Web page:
The number of Americans coming under scrutiny of the Patriot Act is growing significantly, and so is the number of Americans calling on Congress to repeal or modify the law.
Hundreds of city and county governments across the nation last year initiated the grass-roots effort by passing resolutions declaring they would not cooperate with the federal government in enforcing the law, which they claim undermines civil liberties.
Those voices grew louder last week when the nation's oldest and largest national group of elected municipal government officials, the National League of Cities (NLC), passed a resolution at its annual meeting calling for Congress to repeal parts of the act.
"Cities and towns need a partnership with the federal government on homeland security issues that makes sure we have the resources we need to get the job done but also preserves the liberties that Americans hold dear," Charlie Lyons, NLC president and Arlington, Mass., selectman, said in a written statement.
The NLC members represent 18,000 cities with 225 million residents.
The concerns listed by the NLC mirror those expressed by civil liberties and national librarian organizations, as well as some Republicans and Democrats on Capitol Hill pushing legislation to overhaul the act, which became law in the month after the September 11 terrorist attacks.
Critics question the law's broad powers, such as allowing law enforcement to perform "sneak and peek" searches without notification or anyone present, and permitting FBI officials to obtain records from libraries while prohibiting librarians from notifying the persons involved.
Justice Department officials defend the Patriot Act as a needed tool in the war on terrorism, and say criticism of its use is overblown.
After the American Library Association last year attacked a provision allowing the review of library records, Attorney General John Ashcroft declassified information to show the act had never been used to look at library records.
The resolution passed by the NLC urges the president and Congress to amend the Patriot Act "to restore and protect our nation's fundamental and inalienable rights and liberties."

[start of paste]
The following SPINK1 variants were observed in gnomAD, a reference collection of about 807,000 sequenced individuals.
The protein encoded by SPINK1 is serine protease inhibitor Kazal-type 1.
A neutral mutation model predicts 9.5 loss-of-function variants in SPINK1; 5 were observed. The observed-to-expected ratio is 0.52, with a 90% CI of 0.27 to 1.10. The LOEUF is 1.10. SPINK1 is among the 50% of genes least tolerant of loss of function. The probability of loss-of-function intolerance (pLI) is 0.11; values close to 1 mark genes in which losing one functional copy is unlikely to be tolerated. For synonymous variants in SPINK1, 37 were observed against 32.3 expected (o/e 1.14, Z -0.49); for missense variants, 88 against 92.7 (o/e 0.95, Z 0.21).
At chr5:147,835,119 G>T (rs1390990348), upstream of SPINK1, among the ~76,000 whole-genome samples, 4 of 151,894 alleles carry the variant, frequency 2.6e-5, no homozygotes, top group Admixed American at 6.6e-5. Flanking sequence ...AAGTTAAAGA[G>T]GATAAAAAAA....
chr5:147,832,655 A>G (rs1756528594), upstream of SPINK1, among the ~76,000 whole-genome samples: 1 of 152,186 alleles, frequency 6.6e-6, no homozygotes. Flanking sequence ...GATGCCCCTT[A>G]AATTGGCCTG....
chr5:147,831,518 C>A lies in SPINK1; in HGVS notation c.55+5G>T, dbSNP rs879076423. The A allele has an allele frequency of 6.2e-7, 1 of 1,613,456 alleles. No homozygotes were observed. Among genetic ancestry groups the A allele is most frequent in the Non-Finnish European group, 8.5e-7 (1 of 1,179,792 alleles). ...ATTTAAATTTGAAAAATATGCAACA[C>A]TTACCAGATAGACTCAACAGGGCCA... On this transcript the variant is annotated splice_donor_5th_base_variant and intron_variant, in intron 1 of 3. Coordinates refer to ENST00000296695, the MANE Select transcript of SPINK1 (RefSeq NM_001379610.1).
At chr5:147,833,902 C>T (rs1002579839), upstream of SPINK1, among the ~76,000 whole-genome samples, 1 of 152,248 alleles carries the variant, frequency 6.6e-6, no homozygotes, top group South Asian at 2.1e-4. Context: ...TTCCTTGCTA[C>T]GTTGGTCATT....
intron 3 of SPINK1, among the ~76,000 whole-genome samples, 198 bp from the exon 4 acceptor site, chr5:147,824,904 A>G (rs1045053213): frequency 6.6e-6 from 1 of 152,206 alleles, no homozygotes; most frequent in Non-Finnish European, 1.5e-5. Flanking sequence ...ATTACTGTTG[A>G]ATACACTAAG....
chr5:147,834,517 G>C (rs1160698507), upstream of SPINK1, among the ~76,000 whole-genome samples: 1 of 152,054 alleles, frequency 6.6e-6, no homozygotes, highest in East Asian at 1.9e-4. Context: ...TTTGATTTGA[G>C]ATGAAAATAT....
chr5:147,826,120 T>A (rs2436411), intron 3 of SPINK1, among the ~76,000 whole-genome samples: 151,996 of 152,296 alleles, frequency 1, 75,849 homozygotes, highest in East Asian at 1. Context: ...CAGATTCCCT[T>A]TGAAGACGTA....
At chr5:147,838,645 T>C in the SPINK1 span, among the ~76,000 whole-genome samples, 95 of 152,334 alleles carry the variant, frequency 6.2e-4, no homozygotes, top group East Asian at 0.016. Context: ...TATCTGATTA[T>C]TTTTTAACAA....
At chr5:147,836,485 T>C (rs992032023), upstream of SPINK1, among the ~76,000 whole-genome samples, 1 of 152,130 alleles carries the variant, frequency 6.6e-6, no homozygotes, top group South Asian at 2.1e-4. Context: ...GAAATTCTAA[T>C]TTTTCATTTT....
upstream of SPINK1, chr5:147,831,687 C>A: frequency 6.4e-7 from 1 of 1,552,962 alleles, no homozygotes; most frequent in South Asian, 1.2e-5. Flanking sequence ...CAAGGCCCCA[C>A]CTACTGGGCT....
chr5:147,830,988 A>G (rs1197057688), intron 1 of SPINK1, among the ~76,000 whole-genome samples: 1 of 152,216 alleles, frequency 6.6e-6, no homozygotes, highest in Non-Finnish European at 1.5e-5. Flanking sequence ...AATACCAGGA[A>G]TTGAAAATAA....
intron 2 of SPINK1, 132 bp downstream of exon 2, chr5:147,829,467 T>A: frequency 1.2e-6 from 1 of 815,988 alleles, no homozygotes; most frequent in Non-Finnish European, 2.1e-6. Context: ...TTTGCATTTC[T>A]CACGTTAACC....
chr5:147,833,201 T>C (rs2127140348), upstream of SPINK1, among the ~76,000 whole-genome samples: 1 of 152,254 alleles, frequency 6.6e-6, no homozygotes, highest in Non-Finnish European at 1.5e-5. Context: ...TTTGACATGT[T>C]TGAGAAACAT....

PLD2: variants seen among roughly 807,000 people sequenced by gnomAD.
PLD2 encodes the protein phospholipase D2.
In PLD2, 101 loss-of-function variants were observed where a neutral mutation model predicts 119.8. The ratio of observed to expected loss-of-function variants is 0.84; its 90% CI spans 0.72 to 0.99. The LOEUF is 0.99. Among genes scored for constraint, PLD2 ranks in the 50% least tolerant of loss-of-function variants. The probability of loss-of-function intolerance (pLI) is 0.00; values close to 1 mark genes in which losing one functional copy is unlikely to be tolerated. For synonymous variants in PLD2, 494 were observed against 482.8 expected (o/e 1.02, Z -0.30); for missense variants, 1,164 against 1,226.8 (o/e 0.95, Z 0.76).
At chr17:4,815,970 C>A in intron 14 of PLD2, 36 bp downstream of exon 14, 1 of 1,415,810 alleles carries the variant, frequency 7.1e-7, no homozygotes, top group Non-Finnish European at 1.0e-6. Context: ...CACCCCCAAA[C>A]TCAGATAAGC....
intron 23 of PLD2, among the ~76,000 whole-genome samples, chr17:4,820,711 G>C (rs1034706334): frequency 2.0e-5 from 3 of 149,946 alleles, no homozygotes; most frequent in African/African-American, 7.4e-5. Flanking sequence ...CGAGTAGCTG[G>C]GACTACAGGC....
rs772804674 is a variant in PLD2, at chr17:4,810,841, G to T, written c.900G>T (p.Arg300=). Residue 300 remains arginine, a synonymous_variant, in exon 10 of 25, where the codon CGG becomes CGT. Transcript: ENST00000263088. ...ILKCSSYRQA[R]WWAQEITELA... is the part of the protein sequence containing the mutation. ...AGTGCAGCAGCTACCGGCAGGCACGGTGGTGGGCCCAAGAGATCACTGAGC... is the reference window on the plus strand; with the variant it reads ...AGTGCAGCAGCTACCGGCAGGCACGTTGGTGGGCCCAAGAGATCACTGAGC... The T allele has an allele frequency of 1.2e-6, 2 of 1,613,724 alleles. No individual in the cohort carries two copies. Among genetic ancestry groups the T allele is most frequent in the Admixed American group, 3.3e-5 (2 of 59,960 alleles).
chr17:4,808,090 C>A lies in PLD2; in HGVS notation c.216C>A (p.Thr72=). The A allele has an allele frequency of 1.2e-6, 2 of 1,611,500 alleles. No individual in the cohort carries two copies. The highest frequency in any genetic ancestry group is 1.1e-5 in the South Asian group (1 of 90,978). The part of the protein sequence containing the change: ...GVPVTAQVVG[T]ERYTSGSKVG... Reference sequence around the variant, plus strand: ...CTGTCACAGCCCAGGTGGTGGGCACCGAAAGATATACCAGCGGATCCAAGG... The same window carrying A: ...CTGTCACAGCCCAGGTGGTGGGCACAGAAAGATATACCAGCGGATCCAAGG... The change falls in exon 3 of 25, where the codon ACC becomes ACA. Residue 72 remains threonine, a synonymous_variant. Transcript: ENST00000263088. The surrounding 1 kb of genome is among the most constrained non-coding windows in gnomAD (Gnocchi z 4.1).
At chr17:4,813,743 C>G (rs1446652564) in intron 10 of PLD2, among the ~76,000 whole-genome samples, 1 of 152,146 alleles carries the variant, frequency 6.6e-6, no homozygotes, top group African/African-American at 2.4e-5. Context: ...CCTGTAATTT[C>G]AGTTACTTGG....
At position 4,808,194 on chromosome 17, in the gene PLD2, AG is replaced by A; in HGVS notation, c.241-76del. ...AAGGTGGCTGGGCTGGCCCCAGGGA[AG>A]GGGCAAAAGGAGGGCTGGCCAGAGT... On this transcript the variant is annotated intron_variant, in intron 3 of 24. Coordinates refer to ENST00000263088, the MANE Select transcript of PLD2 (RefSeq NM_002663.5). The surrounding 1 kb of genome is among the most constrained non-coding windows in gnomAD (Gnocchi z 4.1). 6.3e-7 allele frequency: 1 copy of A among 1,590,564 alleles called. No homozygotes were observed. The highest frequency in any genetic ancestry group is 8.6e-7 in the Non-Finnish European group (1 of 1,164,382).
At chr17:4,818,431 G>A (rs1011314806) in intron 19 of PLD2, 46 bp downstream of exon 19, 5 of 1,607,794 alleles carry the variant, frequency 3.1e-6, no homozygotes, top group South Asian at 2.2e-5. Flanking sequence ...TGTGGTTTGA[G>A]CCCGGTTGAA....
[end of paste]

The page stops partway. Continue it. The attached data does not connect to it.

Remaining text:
The group also cited the following concerns:
The secretary of state is given broad powers to designate domestic groups as "terrorist organizations" and the attorney general has power to subject immigrants to indefinite detention or deportation even if they have committed no crime.
Public universities are required to collect information on students who may be of interest to the attorney general.
Law enforcement officials are given broad access to sensitive mental health, library, business, educational and financial records.
Many Americans are encountering the Patriot Act when opening bank accounts. The law requires financial institutions to run the names of customers through the Office of Foreign Asset Control database, which lists people who are known terrorists or who associate with known terrorists.
New bank customers are asked how many wire transactions they expect to make each month. If the reply is five or more, the customer would be reported to the federal government.
The Patriot Act also gives the Treasury Department authority to order financial institutions to search private accounts and transaction records and report suspicious activity.
This information program administered by the Financial Crimes Enforcement Network (FinCEN) is used by federal law enforcement agencies and in 2003 provided data for 64 terrorism financing cases and 124 money-laundering investigations.
"The program enables federal law enforcement agencies, through FinCEN, to reach out to over 29,000 financial institutions to locate accounts and transactions of persons that may be involved in terrorism or money laundering," said a statement posted on FinCEN's Web site.
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